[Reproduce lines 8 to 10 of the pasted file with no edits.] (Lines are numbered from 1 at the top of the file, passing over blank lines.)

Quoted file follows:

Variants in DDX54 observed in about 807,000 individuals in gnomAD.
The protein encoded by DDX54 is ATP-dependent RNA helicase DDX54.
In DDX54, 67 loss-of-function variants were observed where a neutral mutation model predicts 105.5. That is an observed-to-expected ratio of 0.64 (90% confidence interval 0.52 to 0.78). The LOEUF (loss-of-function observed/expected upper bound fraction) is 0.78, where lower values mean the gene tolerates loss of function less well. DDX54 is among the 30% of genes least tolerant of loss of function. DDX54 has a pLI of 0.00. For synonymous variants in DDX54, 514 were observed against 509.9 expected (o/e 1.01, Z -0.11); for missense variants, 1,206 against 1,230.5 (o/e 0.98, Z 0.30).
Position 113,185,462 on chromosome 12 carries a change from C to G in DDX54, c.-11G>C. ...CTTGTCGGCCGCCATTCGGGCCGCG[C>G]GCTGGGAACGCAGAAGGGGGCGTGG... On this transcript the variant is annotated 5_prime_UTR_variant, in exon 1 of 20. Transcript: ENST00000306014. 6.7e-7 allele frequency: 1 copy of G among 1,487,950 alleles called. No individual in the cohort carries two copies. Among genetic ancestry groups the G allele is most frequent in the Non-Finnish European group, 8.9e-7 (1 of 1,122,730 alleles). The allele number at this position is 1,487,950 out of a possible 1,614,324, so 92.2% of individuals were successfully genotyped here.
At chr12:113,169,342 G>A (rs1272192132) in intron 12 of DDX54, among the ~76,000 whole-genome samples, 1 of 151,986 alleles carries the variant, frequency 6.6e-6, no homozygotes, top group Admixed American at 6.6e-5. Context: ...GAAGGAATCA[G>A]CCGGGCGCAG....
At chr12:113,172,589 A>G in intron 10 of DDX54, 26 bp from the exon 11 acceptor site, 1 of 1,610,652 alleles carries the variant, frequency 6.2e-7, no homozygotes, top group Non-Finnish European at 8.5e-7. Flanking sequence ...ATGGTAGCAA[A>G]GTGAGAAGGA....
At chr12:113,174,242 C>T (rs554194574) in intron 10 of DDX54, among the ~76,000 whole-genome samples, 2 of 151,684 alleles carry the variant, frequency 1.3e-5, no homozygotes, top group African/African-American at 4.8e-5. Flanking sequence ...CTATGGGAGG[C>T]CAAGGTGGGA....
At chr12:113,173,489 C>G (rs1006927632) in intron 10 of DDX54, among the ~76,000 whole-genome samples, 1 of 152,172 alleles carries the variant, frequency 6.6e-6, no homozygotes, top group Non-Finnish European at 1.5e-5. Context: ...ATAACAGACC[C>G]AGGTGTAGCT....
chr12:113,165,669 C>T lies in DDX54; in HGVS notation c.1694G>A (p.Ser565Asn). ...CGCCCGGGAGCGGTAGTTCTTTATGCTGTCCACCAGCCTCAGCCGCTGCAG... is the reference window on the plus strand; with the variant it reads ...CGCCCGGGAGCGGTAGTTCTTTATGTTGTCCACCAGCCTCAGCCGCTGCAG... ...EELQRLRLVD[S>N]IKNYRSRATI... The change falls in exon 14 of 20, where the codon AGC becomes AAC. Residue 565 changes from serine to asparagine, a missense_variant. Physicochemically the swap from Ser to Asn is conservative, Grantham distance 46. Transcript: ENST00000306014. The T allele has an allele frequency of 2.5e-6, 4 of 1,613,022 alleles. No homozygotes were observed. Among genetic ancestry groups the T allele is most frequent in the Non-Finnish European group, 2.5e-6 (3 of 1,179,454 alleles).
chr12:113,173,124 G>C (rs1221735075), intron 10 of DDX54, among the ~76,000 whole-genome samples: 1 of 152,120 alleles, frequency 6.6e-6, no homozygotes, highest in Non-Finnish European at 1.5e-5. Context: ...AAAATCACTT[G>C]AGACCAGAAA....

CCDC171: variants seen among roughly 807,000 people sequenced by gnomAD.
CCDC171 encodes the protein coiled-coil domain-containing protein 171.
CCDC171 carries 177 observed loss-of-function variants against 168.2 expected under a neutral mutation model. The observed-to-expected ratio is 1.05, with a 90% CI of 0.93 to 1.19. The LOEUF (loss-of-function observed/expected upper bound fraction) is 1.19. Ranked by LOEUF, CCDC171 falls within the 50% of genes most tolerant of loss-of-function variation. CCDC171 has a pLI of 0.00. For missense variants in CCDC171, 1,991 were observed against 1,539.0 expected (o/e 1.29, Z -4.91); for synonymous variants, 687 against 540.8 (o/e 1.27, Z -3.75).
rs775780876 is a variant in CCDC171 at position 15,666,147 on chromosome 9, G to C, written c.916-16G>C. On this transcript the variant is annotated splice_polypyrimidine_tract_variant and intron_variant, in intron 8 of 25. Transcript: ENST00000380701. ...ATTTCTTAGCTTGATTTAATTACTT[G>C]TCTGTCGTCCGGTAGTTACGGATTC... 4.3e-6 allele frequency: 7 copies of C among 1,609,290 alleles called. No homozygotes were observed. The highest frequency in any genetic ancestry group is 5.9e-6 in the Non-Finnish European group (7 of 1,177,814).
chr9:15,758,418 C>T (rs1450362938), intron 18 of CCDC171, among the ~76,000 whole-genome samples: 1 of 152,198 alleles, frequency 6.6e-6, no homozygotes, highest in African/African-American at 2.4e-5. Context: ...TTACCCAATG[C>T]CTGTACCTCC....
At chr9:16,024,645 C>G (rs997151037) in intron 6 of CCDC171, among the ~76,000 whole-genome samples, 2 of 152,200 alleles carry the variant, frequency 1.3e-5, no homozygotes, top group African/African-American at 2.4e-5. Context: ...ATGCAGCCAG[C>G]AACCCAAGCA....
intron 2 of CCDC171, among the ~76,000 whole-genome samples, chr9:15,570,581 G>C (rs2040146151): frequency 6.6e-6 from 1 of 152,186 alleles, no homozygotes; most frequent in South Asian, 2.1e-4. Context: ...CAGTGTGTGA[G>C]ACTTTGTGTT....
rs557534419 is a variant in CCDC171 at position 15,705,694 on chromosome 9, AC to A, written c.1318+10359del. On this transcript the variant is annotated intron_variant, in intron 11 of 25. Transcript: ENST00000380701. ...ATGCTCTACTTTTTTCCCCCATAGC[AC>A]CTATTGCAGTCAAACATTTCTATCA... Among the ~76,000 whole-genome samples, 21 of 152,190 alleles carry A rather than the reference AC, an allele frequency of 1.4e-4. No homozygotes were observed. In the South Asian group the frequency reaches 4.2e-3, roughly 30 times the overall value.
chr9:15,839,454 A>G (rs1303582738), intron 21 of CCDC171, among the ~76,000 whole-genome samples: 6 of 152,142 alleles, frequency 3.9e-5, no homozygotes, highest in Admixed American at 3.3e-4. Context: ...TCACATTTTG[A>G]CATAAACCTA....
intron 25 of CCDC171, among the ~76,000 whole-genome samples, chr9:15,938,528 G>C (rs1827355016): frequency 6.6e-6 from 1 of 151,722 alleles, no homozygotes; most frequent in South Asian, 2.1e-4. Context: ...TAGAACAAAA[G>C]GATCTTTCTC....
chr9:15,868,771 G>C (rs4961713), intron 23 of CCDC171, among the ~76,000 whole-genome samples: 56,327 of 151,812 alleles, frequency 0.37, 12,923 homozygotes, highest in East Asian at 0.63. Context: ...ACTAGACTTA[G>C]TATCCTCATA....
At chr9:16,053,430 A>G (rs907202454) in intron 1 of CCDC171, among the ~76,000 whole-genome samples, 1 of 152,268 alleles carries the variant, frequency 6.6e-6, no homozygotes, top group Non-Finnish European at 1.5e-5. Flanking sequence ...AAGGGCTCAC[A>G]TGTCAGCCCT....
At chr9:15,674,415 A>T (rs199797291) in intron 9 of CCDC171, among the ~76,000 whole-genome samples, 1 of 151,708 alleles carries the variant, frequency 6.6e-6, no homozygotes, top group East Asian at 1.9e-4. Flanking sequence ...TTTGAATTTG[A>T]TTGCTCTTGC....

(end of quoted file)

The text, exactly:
At chr12:113,173,489 C>G (rs1006927632) in intron 10 of DDX54, among the ~76,000 whole-genome samples, 1 of 152,172 alleles carries the variant, frequency 6.6e-6, no homozygotes, top group Non-Finnish European at 1.5e-5. Context: ...ATAACAGACC[C>G]AGGTGTAGCT....
chr12:113,165,669 C>T lies in DDX54; in HGVS notation c.1694G>A (p.Ser565Asn). ...CGCCCGGGAGCGGTAGTTCTTTATGCTGTCCACCAGCCTCAGCCGCTGCAG... is the reference window on the plus strand; with the variant it reads ...CGCCCGGGAGCGGTAGTTCTTTATGTTGTCCACCAGCCTCAGCCGCTGCAG... ...EELQRLRLVD[S>N]IKNYRSRATI... The change falls in exon 14 of 20, where the codon AGC becomes AAC. Residue 565 changes from serine to asparagine, a missense_variant. Physicochemically the swap from Ser to Asn is conservative, Grantham distance 46. Transcript: ENST00000306014. The T allele has an allele frequency of 2.5e-6, 4 of 1,613,022 alleles. No homozygotes were observed. Among genetic ancestry groups the T allele is most frequent in the Non-Finnish European group, 2.5e-6 (3 of 1,179,454 alleles).
chr12:113,173,124 G>C (rs1221735075), intron 10 of DDX54, among the ~76,000 whole-genome samples: 1 of 152,120 alleles, frequency 6.6e-6, no homozygotes, highest in Non-Finnish European at 1.5e-5. Context: ...AAAATCACTT[G>C]AGACCAGAAA....